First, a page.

Terminator Genisys stars and filmmakers talk about the franchise and the new movie

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Terminator: Genisys arrives in theaters on July 1st, and we had a chance to attend a press conference with the cast and crew including writers Patrick Lussier and Laeta Kalogridis, actors Jai Courtney (Kyle Reese), Arnold Schwarzenegger (T-800/”Pops”), and Emilia Clarke (Sarah Connor), director Alan Taylor, and producers Dana Goldberg and David Ellison. Check out the highlights below!

Arnold talks about how his approach to playing the T-800 has changed over the years since the first movie.

Arnold: Well, in Terminator 1, it was very clear that they are just a machine that destroys human beings, and anything that was in the way, you know, I will wipe out, in the most brutal way without, you know, any feelings or any kind of remorse, because my mission was to protect the machines, and to find Sarah Connor and to basically be successful with my mission. In this movie, it becomes a little bit more colorful, because now I am again back to destroy Sarah Connor, I’m still this vicious cold machine that is programmed to destroy Sarah Connor and nothing will get in my way, except in this story something does get in my way, which is another Terminator, one that has been around for a longer period of time. It’s also the T-800 model but he was programmed to protect Sarah Connor and the human race, so there’s obviously a major conflict between the two when they meet, and that’s what creates then this huge epic battle. And then of course the Terminators, depending on how long they have been around, some of them are just straight Terminator, as the one from 1984, but then the one that has been around longer, he has already adopted certain human behaviors, subtle. And so from a acting point of view, you have to be really be, you know, very wise the way you use that, and how you, you know, get that across, that he has human behaviors and he does have certain feelings and stuff like that, but also creates great comic relief when the Terminator tries very hard to be like a human and he fails miserably. You know, so you see also that in the movie.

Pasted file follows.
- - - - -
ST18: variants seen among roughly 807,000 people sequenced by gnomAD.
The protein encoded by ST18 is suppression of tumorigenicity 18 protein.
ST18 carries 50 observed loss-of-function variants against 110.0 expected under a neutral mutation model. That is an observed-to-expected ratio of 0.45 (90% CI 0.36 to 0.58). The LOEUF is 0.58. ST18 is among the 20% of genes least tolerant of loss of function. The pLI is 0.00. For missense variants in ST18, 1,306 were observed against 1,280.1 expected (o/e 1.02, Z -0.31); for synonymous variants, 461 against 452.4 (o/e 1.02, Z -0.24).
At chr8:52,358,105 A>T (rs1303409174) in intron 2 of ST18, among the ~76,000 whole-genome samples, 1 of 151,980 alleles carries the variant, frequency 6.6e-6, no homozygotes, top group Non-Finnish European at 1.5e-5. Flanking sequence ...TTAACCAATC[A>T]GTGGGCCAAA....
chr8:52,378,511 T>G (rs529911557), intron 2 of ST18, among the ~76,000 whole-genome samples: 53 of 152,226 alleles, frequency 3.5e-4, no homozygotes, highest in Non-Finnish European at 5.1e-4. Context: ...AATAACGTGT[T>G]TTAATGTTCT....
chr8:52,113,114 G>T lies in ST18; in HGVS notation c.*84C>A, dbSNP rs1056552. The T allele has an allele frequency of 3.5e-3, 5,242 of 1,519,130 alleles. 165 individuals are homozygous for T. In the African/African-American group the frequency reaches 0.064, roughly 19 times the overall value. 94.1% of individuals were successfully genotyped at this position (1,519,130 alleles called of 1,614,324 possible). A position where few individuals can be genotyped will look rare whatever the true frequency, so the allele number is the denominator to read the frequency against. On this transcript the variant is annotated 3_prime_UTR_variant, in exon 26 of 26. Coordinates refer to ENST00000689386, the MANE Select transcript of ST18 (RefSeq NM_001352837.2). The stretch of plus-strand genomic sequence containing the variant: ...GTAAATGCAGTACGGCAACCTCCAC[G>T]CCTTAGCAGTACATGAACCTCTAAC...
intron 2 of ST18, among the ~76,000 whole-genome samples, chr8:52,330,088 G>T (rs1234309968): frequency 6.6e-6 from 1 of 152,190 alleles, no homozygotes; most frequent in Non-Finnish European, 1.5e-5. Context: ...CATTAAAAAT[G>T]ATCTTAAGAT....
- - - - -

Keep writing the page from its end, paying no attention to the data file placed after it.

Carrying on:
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Patrick Lussier, Laeta Kalogridis and Alan Taylor were asked about the advantages and disadvantages that came with changing the “Nexus” of the movie.

All three took turns responding but mentioned that even with the differences you see in the movie, nothing in canon has changed; everything is preserved and we are now on an alternate universe timeline. They are only adding to create a new story with the characters that exist. Now you take those characters and take a look at them from a different perspective and take a look at the core of the character and how they would change in different situations. The learning chip was brought up and was talked about, including how it was removed from Terminator 2. While it was talked about in Genisys, people already knew about it and it was focused on the T-800, who has been around humans for decades and adapted to his surroundings, which is something they could do in the movie.